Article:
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13:28, 27 June 2017 Tuesday
Update: 14:53, 20 March 2017 Monday

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Paris fraud squad offices evacuated over bomb scare
Paris fraud squad offices evacuated over bomb scare

An anonymous caller had told police that there was a bomb in the building that houses prosecutors investigating high-level financial crimes, a police source said.

World Bulletin / News Desk

Around 100 people were evacuated Monday from the offices of France's financial fraud prosecutors over a bomb alert, two days after an attack led to the evacuation of the city's second busiest airport.

Bomb disposal experts were sent to the site in central Paris, which was cordoned off.

The all-clear was given after "the usual checks" were carried out, the source said.

The financial fraud wing of the Paris criminal court is currently investigating Francois Fillon, the conservative candidate in France's April-May presidential election, on charges of misusing public funds.

It is also investigating the far-right National Front party of Marine Le Pen over alleged fake jobs.

The bomb scare comes after Saturday's attack at Orly airport where a man who had been investigated for links to radical Islam was shot dead after assaulting a soldier on patrol and grabbing her rifle.

It was the third in a string of incidents to hit France in recent days.

Last Thursday, a letter bomb sent by a Greek far-left group to the Paris offices of the International Monetary Fund injured a secretary.

That incident came the same day that a 16-year-old pupil opened fire at his school in southern France, wounding four fellow students and a teacher.



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Cyprus president seeks peace deal in Switzerland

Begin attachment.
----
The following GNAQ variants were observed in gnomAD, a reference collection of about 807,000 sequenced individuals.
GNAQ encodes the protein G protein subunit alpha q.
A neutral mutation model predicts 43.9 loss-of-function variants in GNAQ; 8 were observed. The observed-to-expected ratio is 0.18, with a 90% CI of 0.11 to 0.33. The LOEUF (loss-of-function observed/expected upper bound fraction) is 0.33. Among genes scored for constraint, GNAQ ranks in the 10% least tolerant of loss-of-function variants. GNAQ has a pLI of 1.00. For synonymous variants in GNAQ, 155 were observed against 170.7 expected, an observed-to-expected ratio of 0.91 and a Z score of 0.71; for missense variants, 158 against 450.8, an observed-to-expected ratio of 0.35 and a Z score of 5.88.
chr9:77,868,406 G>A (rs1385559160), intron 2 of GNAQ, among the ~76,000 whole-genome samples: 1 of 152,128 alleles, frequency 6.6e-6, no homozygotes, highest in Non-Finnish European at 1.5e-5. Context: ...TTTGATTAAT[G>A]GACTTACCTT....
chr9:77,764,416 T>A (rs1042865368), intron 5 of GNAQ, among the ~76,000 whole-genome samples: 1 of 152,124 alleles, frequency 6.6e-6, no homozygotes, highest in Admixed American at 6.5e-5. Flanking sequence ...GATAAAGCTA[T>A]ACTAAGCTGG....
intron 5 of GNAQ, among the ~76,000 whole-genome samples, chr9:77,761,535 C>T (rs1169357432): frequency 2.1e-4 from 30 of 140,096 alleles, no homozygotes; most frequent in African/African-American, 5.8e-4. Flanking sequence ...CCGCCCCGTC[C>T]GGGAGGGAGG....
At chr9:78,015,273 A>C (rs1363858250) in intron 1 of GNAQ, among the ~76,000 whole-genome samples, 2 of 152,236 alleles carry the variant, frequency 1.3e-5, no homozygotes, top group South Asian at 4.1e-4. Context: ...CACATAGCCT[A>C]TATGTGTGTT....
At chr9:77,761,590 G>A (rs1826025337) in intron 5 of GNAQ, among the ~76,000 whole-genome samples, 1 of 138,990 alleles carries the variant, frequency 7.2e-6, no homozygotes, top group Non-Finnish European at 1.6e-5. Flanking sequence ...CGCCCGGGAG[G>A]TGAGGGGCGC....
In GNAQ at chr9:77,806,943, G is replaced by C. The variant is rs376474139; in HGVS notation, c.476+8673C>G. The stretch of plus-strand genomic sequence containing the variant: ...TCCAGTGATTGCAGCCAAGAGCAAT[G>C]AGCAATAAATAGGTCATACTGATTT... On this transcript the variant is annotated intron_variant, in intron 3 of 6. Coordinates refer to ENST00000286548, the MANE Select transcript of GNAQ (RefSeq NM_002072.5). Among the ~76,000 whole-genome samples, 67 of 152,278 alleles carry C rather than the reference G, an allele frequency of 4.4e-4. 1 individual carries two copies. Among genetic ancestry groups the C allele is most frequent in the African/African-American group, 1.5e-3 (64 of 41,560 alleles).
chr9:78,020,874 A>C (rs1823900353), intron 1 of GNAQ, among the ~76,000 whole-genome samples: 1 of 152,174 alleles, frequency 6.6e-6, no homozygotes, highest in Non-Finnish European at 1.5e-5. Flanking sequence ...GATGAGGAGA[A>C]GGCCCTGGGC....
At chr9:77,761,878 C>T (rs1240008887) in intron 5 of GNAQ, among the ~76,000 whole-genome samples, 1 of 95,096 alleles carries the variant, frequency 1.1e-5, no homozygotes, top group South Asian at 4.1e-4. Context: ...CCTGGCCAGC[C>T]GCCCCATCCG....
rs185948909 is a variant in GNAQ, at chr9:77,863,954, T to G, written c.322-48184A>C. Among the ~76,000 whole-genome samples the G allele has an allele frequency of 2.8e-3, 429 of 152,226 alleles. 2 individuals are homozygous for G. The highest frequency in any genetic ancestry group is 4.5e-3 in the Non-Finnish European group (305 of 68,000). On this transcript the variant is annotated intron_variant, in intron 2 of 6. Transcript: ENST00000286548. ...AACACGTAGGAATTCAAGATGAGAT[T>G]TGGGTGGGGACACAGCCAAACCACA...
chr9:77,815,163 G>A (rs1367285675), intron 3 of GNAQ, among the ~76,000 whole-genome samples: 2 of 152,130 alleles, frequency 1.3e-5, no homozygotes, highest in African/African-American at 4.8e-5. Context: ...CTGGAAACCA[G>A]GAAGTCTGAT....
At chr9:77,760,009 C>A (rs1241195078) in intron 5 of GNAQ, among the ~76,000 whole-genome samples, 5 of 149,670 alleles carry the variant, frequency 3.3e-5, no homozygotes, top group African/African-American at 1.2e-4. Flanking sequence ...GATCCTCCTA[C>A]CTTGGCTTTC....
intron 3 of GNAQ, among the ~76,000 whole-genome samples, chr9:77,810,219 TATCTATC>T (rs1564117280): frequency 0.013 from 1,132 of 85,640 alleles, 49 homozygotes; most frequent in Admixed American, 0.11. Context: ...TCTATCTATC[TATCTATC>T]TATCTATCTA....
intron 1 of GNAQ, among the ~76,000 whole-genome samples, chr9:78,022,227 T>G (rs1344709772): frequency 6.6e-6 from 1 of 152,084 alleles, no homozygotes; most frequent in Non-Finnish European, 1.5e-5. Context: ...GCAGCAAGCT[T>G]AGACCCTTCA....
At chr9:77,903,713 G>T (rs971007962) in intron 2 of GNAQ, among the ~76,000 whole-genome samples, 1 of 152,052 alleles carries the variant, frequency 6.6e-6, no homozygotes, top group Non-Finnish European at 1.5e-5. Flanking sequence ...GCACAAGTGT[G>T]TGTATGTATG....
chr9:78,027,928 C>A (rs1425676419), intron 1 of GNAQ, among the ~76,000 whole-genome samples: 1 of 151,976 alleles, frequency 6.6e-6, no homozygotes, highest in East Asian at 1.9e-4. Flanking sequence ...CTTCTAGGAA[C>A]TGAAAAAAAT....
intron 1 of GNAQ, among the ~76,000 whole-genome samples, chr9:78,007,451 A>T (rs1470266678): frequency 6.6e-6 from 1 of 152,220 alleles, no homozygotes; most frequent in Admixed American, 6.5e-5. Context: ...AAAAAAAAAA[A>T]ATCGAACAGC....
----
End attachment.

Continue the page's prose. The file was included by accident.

Cyprus president seeks peace deal in Switzerland

Cypriot president Nicos Anastasiades said Monday he hopes to clinch a reunification deal laying out a new security blueprint for the divided island during a crunch summit in Switzerland this week. Anastasiades will attend United Nations-backed talks at the Alpine Crans-Montana ski resort Wednesday with "complete determination and goodwill... to achieve a desired solution", he said in a statement. He said he hopes to "abolish the anachronistic system of guarantees and intervention rights", with a deal providing for the withdrawal of the Turkish army. The eastern Mediterranean island has been divided since 1974 when Turkish troops invaded its northern third in response to an Athens-inspired coup seeking union with Greece. Turkey maintains around 35,000 troops in northern Cyprus. The so-called guarantor powers of Turkey, Britain and Greece retain the right to intervene militarily on the island. Greek and Turkish Cypriots are at odds over a new security blueprint, but their leaders are under pressure to reach an elusive peace deal. "I am going to Switzerland to participate in the Cyprus conference, with the sole aim and intent of solving the Cyprus problem," Anastasiades said. Turkish Cypriot leader Mustafa Akinci is also set to attend the summit, which is expected to last at least 10 days. Greece, Turkey and Britain will send envoys along with an observer from the European Union. UN-led talks on the island hit a wall in late May after the sides failed to agree terms to advance toward a final summit. Unlocking the security question would allow Anastasiades and Akinci to make unprecedented concessions on core issues. But they have major differences on what a new security blueprint should look like. Anastasiades's internationally recognised government, backed by Athens, seeks an agreement to abolish intervention rights, with Turkish troops withdrawing from the island on a specific timeline. Turkish Cypriots and Ankara argue for some form of intervention rights and a reduced number of troops remaining in the north. Turkish Cypriots want the conference to focus on broader issues of power-sharing, property rights and territory for the creation of a new federation. Much of the progress to date has been based on strong personal rapport between Anastasiades and Akinci, leader of the breakaway Turkish Republic of Northern Cyprus. But that goodwill has appeared frayed in the build-up to their meeting in Switzerland. The Greek Cypriot presidential election next February has also complicated the landscape, as has the government's search for offshore oil and gas, which Ankara argues should be suspended until the negotiations have reached an outcome.